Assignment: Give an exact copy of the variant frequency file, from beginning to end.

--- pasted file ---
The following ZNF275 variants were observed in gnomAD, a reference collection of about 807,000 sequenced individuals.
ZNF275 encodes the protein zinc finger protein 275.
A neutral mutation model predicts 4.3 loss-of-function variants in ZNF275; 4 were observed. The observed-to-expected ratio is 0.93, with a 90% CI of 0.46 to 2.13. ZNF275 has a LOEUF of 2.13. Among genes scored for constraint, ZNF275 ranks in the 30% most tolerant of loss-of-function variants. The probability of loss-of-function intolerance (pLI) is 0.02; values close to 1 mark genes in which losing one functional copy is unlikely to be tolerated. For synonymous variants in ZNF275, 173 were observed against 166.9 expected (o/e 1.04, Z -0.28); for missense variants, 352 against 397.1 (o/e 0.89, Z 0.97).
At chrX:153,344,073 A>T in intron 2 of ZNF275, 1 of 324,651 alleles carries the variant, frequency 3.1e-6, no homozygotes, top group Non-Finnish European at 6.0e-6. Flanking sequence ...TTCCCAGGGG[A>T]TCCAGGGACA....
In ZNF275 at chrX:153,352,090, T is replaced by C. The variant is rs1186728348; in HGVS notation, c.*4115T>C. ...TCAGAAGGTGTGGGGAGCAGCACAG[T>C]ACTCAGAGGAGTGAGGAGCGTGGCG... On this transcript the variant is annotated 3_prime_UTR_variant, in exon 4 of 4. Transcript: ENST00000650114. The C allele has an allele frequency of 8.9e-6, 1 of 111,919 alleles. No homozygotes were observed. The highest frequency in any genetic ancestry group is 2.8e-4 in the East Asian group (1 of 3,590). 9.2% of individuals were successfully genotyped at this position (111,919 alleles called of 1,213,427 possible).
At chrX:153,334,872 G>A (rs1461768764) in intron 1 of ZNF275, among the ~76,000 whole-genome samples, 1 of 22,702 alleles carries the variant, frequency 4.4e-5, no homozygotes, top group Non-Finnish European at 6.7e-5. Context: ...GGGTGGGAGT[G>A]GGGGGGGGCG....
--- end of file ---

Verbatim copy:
The following ZNF275 variants were observed in gnomAD, a reference collection of about 807,000 sequenced individuals.
ZNF275 encodes the protein zinc finger protein 275.
A neutral mutation model predicts 4.3 loss-of-function variants in ZNF275; 4 were observed. The observed-to-expected ratio is 0.93, with a 90% CI of 0.46 to 2.13. ZNF275 has a LOEUF of 2.13. Among genes scored for constraint, ZNF275 ranks in the 30% most tolerant of loss-of-function variants. The probability of loss-of-function intolerance (pLI) is 0.02; values close to 1 mark genes in which losing one functional copy is unlikely to be tolerated. For synonymous variants in ZNF275, 173 were observed against 166.9 expected (o/e 1.04, Z -0.28); for missense variants, 352 against 397.1 (o/e 0.89, Z 0.97).
At chrX:153,344,073 A>T in intron 2 of ZNF275, 1 of 324,651 alleles carries the variant, frequency 3.1e-6, no homozygotes, top group Non-Finnish European at 6.0e-6. Flanking sequence ...TTCCCAGGGG[A>T]TCCAGGGACA....
In ZNF275 at chrX:153,352,090, T is replaced by C. The variant is rs1186728348; in HGVS notation, c.*4115T>C. ...TCAGAAGGTGTGGGGAGCAGCACAG[T>C]ACTCAGAGGAGTGAGGAGCGTGGCG... On this transcript the variant is annotated 3_prime_UTR_variant, in exon 4 of 4. Transcript: ENST00000650114. The C allele has an allele frequency of 8.9e-6, 1 of 111,919 alleles. No homozygotes were observed. The highest frequency in any genetic ancestry group is 2.8e-4 in the East Asian group (1 of 3,590). 9.2% of individuals were successfully genotyped at this position (111,919 alleles called of 1,213,427 possible).
At chrX:153,334,872 G>A (rs1461768764) in intron 1 of ZNF275, among the ~76,000 whole-genome samples, 1 of 22,702 alleles carries the variant, frequency 4.4e-5, no homozygotes, top group Non-Finnish European at 6.7e-5. Context: ...GGGTGGGAGT[G>A]GGGGGGGGCG....